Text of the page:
Developing a portable LAMP assay for detecting grass and black carp

Science Center Objects

Aquatic invasive species are a significant problem throughout the world. They cause millions of dollars in damages to industry, devastate natural ecosystems, and ruin outdoor recreational areas. Preventing their spread is imperative to preserving our natural resources. One potential pathway invasive fishes can spread is by harvesting and transporting baitfish. Often shipments of baitfish are transported great distances from where they were collected, and thus pose a risk of transporting invasive species into new areas. Because baitfish are typically small minnow species (of the family Cyprinidae) and are transported by the thousands, there is a risk for just a few similarly sized invasive fishes to be included, and it is virtually impossible to visually detect and completely remove unwanted species from the hauling tanks.

Asian carp are a group of aquatic invasive species are of particular concern. Bigheaded carps (Hypophthalmichthys nobilis and H. molitrix) have had a significant and well documented impact on the Mississippi River Basin (Kolar and others, 2007). Grass carp (Ctenopharyngodon idella) and black carp (Myelopharyngodon piceus) are two other Asian carp species that are of growing concern since they have been shown to be reproducing naturally (Chapman and others, 2013; Whitledge and others, 2015). We have developed and validated a portable kit that uses LAMP to detect bigheaded carps in bait tanks (Merkes and others, unpublished data). This kit is currently in use by law enforcement in three states to help stop the spread of bigheaded carps, and the development of another assay to detect grass and black carp would expand their capacity to help stop the spread of these invasive species as well.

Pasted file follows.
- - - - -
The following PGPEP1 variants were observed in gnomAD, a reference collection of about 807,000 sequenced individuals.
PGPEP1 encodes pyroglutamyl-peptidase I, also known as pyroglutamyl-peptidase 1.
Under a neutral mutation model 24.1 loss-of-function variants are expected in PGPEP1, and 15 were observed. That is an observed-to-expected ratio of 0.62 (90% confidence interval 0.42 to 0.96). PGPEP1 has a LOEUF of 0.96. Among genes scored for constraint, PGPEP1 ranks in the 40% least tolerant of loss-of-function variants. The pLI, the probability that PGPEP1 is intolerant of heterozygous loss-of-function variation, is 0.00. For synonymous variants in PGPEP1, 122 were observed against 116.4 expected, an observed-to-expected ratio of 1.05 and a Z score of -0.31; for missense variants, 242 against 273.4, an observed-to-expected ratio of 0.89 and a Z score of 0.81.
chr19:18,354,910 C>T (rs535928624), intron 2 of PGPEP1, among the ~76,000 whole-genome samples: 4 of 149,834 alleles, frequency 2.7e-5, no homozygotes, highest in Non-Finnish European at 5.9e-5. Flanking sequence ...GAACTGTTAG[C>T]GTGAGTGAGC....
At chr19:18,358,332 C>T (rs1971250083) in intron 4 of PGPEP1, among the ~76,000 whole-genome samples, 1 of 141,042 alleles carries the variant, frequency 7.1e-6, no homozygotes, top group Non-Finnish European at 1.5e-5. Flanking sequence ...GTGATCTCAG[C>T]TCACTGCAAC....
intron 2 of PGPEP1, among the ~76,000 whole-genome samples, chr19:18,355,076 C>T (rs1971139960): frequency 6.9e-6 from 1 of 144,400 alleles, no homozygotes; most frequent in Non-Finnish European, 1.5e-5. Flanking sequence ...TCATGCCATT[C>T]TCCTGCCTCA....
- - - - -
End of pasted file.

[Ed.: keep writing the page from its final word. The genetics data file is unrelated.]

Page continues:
In this study, we will develop a new assay to detect black and grass carp, and we will model this effort based on the work done to validate the bigheaded carps portable detection kit.


  1. Develop a LAMP assay to detect grass carp and black carp.
  2. Determine the minimum density of grass carp that need to be present for the LAMP assay to get positive detection.
  3. Determine the minimum amount of time that grass carp must be held in transport tanks for the LAMP assay to get positive detection.
  4. Determine the minimum number of replicates needed to run to gain confidence of positive detection.
USGS Scientist Chris Merkes using portable detection ki

USGS Scientist Chris Merkes using portable detection kit (Credit: Mike Caucutt. Public domain.)



Bates D, Maechler M, Bolker B, Walker S. (2015) Fitting Linear Mixed-Effects Models Using lme4. Journal of Statistical Software. 67:1, 1-48. doi: 10.18637/jss.v067.i01.

Chapman DC, Davis JJ, Jenkins JA, Kocovsky PM, Miner JG, Farver J, Jackson PR. (2013) First evidence of grass carp recruitment in the Great Lakes Basin. Journal of Great Lakes Research. 39(4): 547-554.

Kolar CS, Chapman DC, Courtenay WR Jr., Housel CM, Williams JD, Jennings DP. (2007) Bigheaded carps: a biological synopsis and environmental risk assessment. American Fisheries Society, Special Publication 33, Bethesda, Maryland.

Merkes CM, Jackson CA, Cronan LD, Erickson RA, Schoenfeld TW, Amberg JJ. (in review) Rapid molecular detection of aquatic invasive species in the field.

R Core Team. (2015) R: A language and environment for statistical computing. R Foundation for Statistical Computing, Vienna, Austria. URL

Whitledge GW, Chapman DC, Jenkins JA, Bailey J, Nicks D. (2015) Evidence of black carp establishment in the Mississippi River. Presented at American Fisheries Society 145th annual meeting in Portland, Oregon on 17-August, 2015.